Piping: To pipe, cool the ganache till thick enough to pipe.

Leftover ganache : If you have any left over, you could make truffles or simply freeze for later use. To make truffles, refrigerate ganache till very firm. Scoop out small balls with a melon baller or spoon, then roll in cocoa. Keep refrigerated.

If making ganache for the very first time, you may find this video useful.  http://www.joyofbaking.com/ganache.html

Gulping about the calories here? Check out this recipe for Low Fat Milk Ganache, you can have your cake and eat it too!


Kadhyaa... said...

that looks so nice very nice and informative read especially for ametures like me..I m a new baker and just hooked to the baking and must say i love it..

Sum said...

So much of useful info, Suma! Thanks a ton... i've been dreading to try it since long.... Now i ought to :)

Now Serving said...

wow, this is such an useful and wonderful post! I am blown away at how good it looks - bookmarking the recipe :) thanks for sharing, cheers, priya

Arch said...

This is beautiful, feel like licking it off the bowl !! I have tried ganache with Morde (only) and I really like the taste of it ! Great tips...Thanks !!

Ramya said...

very very helpful post. Thanks for sharing

Radhika said...

very helpful post for me as i'm too scared of trying this out

Hamaree Rasoi said...

Thanks a lot for sharing such an informative post Suma.

Hamaree Rasoi

Priya said...

Wow wat a fabulous and helpful post, bookmarking it..a wonderful page to be treasured..

aipi said...

I am sure this has been said before about chocolate but that ganache in the first picture looks so irresistible, I could eat the picture..lol..The post is very well written, lots of good information n easy to follow.

Divya Shankar said...

Ahhh .. wonderful post :) you have taken special care for beginners like me :)
Am very glad to see this post and the cake looks ultra yummy - queen of all cakes I must say ;)
Can you please tell me where I will get the Morde brand of chocolates from, which store in Bangalore?

Mitha said...

Wow this is what I have been looking for !!!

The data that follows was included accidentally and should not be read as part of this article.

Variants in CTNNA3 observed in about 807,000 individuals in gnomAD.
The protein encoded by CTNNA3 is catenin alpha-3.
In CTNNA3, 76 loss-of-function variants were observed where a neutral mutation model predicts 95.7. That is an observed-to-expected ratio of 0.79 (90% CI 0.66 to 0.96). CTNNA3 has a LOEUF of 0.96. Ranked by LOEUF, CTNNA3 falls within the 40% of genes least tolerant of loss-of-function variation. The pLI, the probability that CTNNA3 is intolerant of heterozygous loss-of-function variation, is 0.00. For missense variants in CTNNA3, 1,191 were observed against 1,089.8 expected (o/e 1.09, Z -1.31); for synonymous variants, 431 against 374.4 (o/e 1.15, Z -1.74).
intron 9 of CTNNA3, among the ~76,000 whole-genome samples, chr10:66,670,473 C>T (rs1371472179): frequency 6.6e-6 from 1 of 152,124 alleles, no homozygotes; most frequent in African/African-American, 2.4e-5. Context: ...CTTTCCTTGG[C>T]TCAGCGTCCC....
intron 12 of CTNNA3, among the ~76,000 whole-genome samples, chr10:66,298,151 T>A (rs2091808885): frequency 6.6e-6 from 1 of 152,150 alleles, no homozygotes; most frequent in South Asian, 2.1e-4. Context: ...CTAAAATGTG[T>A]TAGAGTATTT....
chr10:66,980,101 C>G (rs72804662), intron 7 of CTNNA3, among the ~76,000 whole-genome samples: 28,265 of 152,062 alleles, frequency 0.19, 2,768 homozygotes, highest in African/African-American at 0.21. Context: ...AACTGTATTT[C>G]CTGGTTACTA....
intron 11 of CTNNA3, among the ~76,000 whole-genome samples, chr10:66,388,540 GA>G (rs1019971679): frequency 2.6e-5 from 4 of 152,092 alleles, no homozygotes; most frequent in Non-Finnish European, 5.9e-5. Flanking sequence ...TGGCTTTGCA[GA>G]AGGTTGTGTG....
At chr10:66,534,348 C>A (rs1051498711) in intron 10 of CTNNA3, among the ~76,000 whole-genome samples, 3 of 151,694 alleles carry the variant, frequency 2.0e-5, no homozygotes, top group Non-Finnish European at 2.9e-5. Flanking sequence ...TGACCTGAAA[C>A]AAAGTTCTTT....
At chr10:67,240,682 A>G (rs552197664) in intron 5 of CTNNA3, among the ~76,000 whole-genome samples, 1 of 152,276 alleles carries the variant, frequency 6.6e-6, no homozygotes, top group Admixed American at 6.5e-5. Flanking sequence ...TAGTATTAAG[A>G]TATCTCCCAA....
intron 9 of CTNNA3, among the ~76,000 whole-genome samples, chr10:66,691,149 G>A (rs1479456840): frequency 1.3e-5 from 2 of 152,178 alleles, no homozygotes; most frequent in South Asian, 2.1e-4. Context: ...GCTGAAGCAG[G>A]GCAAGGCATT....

reaching the subscribe button to follow you !!!

Suma Rowjee said...

@Divya - Glad you find this useful! You get Morde at IBCA and General Additives, and maybe at other bakery supplies whole sale shops too.

Veena Aravind said...

This was very helpful suma. The cake looks very tempting..:)

DEESHA said...

That's an informative post Suma

Traditionalsecrets said...

Hey Suma, Real long time...Really good read with so much detailed reasearch on the ganache' ...and by the way i really really connected with the curdled ganache when i tried it for the first time, no exaggeration...i swear..!!It's no kids play if you don't follow the instructions well...and yes the video from joy of baking i followed it too..;P.I must not forget to mention the excellent presentation, i could just go sllurrpppp....;) shruthi.

Divya Kudua said...

You've explained it so well.Ganache is my go-to frosting whenever I am in doubt regarding frosting.It goes well with yellow as well as chocolate cakes and is so easy to make!

deepa khatri said...

hi, can you please help me with this problem.... i have tried it many times with amul cream, mostly it becomes lumpy, loses its texture n cream leaves its ghee on top

Suma Rowjee said...

@Deepa - You should not have issues if melting the chocolate with the cream. Be sure you melt the butter with the cream, pour on the chocolate off the heat. Is the chocolate and butter soft when you use?

Reema Prasanna said...

Genuine question: is that the same process you follow if you are using Rich or Tropolite instead of real cream? Because from what I know, when you heat tropolite or Rich, it splits.

Mythili Rao said...

Wow, that covered every single minute detail! Thank you so much! :-)

Suma Rowjee said...

@Reema - I had used it just once ages ago and it was fine. Yours probably was that particular batch, try again!